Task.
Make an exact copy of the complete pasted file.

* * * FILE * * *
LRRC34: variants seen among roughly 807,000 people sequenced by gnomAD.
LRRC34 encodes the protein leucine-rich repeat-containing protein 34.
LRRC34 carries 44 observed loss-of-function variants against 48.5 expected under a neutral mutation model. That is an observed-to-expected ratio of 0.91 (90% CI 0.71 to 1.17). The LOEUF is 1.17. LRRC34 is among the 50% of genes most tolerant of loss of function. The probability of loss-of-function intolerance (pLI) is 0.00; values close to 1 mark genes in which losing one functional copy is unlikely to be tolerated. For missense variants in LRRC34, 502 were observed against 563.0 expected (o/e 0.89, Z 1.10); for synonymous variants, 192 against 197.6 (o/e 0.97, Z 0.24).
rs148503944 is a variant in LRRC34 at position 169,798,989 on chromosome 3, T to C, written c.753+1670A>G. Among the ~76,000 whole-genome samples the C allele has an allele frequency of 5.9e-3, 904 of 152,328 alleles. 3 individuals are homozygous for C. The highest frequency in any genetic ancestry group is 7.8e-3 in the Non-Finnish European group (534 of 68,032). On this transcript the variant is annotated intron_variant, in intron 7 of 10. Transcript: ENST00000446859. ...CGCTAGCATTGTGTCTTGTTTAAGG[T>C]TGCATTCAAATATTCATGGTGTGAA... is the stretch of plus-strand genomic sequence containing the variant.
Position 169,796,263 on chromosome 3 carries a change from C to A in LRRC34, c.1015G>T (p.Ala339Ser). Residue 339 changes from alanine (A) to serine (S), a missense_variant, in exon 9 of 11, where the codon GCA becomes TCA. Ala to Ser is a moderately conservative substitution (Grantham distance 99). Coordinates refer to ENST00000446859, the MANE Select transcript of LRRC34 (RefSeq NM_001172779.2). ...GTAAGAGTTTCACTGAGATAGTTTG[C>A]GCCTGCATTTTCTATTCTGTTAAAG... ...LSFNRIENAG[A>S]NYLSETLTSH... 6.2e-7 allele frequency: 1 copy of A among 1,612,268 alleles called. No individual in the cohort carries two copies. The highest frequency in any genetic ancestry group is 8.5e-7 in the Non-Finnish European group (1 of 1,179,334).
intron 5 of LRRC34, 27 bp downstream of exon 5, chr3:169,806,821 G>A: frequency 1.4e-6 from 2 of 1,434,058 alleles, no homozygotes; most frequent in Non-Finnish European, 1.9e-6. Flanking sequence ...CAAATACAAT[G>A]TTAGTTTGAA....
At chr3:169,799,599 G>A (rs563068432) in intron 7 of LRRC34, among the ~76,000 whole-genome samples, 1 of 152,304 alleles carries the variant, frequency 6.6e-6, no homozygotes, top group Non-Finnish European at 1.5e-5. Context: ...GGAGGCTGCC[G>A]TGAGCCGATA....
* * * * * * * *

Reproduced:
LRRC34: variants seen among roughly 807,000 people sequenced by gnomAD.
LRRC34 encodes the protein leucine-rich repeat-containing protein 34.
LRRC34 carries 44 observed loss-of-function variants against 48.5 expected under a neutral mutation model. That is an observed-to-expected ratio of 0.91 (90% CI 0.71 to 1.17). The LOEUF is 1.17. LRRC34 is among the 50% of genes most tolerant of loss of function. The probability of loss-of-function intolerance (pLI) is 0.00; values close to 1 mark genes in which losing one functional copy is unlikely to be tolerated. For missense variants in LRRC34, 502 were observed against 563.0 expected (o/e 0.89, Z 1.10); for synonymous variants, 192 against 197.6 (o/e 0.97, Z 0.24).
rs148503944 is a variant in LRRC34 at position 169,798,989 on chromosome 3, T to C, written c.753+1670A>G. Among the ~76,000 whole-genome samples the C allele has an allele frequency of 5.9e-3, 904 of 152,328 alleles. 3 individuals are homozygous for C. The highest frequency in any genetic ancestry group is 7.8e-3 in the Non-Finnish European group (534 of 68,032). On this transcript the variant is annotated intron_variant, in intron 7 of 10. Transcript: ENST00000446859. ...CGCTAGCATTGTGTCTTGTTTAAGG[T>C]TGCATTCAAATATTCATGGTGTGAA... is the stretch of plus-strand genomic sequence containing the variant.
Position 169,796,263 on chromosome 3 carries a change from C to A in LRRC34, c.1015G>T (p.Ala339Ser). Residue 339 changes from alanine (A) to serine (S), a missense_variant, in exon 9 of 11, where the codon GCA becomes TCA. Ala to Ser is a moderately conservative substitution (Grantham distance 99). Coordinates refer to ENST00000446859, the MANE Select transcript of LRRC34 (RefSeq NM_001172779.2). ...GTAAGAGTTTCACTGAGATAGTTTG[C>A]GCCTGCATTTTCTATTCTGTTAAAG... ...LSFNRIENAG[A>S]NYLSETLTSH... 6.2e-7 allele frequency: 1 copy of A among 1,612,268 alleles called. No individual in the cohort carries two copies. The highest frequency in any genetic ancestry group is 8.5e-7 in the Non-Finnish European group (1 of 1,179,334).
intron 5 of LRRC34, 27 bp downstream of exon 5, chr3:169,806,821 G>A: frequency 1.4e-6 from 2 of 1,434,058 alleles, no homozygotes; most frequent in Non-Finnish European, 1.9e-6. Flanking sequence ...CAAATACAAT[G>A]TTAGTTTGAA....
At chr3:169,799,599 G>A (rs563068432) in intron 7 of LRRC34, among the ~76,000 whole-genome samples, 1 of 152,304 alleles carries the variant, frequency 6.6e-6, no homozygotes, top group Non-Finnish European at 1.5e-5. Context: ...GGAGGCTGCC[G>A]TGAGCCGATA....